What a very nice machine

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The Independent Online
ONE OF the many ironies of modern life is that the UK's largest retailers are striving to introduce something our grandparents took for granted. Namely, home deliveries.

To the cynic, nothing better illustrates the propensity of management gurus to put old wine in new bottles. But it also demonstrates what is perhaps the most taxing conundrum confronting the big corporates. All of them are, to a greater or lesser extent, seeking to benefit from economies of scale while presenting themselves to the world as some latterday "mom- and-pop store".

The means of doing this is technology. Due to the convergence of computers and tele-communications, for example, a salesman from a utility can be presented with a host of details on his computer screen that enables him to sound as if he is greeting an old friend.

Equally, data collected by a loyalty card allows a supermarket to send you details of special offers that may appeal to you. And the internet - combined with an electronic reminder that you haven't bought baked beans for a month - is how retailers obtain details of what you want delivered.

None of this is foolproof, though. We have all heard stories of supposedly highly targeted but hilariously botched direct mailing: seed catalogues sent to tower blocks; mortgage offers sent to people who are already home-loan customers; details of special deals for new customers sent to existing customers, and the rest.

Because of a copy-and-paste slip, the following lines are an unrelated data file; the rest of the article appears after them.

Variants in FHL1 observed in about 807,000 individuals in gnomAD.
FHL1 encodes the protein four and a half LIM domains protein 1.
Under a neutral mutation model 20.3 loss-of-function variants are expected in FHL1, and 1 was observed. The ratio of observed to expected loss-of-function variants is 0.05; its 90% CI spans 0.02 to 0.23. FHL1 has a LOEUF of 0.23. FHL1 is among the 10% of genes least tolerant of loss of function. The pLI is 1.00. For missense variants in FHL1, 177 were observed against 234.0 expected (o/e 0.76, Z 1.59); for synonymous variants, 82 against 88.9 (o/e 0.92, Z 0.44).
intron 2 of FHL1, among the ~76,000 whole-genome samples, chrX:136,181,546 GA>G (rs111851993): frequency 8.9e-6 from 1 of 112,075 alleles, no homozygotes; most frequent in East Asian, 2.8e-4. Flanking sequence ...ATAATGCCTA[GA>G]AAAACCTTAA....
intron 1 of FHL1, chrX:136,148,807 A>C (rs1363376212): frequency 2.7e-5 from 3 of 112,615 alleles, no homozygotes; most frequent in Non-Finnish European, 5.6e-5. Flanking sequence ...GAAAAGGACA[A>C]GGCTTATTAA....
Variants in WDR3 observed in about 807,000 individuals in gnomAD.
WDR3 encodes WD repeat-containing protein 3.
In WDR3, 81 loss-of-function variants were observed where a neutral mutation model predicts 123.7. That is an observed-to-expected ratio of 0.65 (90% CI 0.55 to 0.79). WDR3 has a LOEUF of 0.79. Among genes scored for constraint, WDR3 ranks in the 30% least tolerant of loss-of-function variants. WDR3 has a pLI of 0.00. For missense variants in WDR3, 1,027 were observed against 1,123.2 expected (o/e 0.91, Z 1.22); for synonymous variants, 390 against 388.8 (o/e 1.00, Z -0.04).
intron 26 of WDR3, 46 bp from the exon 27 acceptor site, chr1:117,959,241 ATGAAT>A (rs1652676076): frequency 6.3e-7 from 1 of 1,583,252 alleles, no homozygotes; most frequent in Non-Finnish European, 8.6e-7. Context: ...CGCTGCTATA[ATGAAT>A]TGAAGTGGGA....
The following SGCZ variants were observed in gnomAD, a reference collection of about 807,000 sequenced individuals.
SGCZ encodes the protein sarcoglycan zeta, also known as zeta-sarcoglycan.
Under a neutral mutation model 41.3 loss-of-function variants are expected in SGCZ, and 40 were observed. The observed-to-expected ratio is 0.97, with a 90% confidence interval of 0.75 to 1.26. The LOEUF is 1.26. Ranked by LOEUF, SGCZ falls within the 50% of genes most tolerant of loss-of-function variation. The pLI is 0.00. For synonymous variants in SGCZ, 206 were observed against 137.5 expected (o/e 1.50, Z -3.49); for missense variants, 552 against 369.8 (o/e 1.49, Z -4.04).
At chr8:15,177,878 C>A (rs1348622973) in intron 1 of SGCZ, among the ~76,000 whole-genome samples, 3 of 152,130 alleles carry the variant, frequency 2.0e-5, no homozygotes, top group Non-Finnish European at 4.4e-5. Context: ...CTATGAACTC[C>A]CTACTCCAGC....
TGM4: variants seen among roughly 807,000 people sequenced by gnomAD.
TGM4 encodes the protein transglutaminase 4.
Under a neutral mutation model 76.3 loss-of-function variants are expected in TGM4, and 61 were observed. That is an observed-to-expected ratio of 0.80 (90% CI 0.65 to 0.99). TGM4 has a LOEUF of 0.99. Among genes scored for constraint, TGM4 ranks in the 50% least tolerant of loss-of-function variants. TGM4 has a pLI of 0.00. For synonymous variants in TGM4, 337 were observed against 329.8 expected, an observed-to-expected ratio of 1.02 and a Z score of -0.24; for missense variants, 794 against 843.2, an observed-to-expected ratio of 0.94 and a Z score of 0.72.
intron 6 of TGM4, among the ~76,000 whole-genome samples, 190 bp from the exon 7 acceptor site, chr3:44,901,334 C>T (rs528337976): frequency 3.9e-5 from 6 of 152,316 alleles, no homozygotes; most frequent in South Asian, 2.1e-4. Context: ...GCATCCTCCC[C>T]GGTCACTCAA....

The constant flow of technological innovation allows all kinds of developments in "mass customisation". But it is still a long way from providing faultless customer service.

The less obvious effect of this is that companies seem to put their faith in more technology. They know the technology in which they have invested so far has not produced the goods, but they seem to think that either they have not utilised it properly or that the latest model will do what they have always wanted. There does not seem to be any thought that the technology can only get them so far.

This issue is part of the background to a new report on customer relationship management. Indeed, the survey commissioned by Hatton Blue, a software vendor, finds that many business managers blame IT colleagues for the lack of progress in this area.

The research, "Customer Relationship Management: Hot Topic or Hot Air?", finds that managers generally agree there are four main ways in which the concept can help them: by lowering the cost of acquiring customers; retaining customers for longer; providing more opportunities for cross- selling; and enabling them to behave like the new entrants that are causing such havoc for established players in sectors as diverse as financial services and air travel. And the report warns that they must be prepared to take an integrated approach to implementing such initiatives.

But the emphasis is on software and other forms of technology. The human factor hardly merits a mention.

The report does urge organisations to involve business users throughout the implementation, pointing out that unless they are committed to it, "cultural inertia cannot be overcome". But this is not a very positive approach.

It implies that people are the barrier when they should be the enabler, or the means of making sense of all that technologically generated information. Of course, corporates can create an image of service by using technology of this sort, and clever application of it may well help differentiate one from another.

But they should not be surprised if we do not really love them as much as we do that local supplier who genuinely knows our name.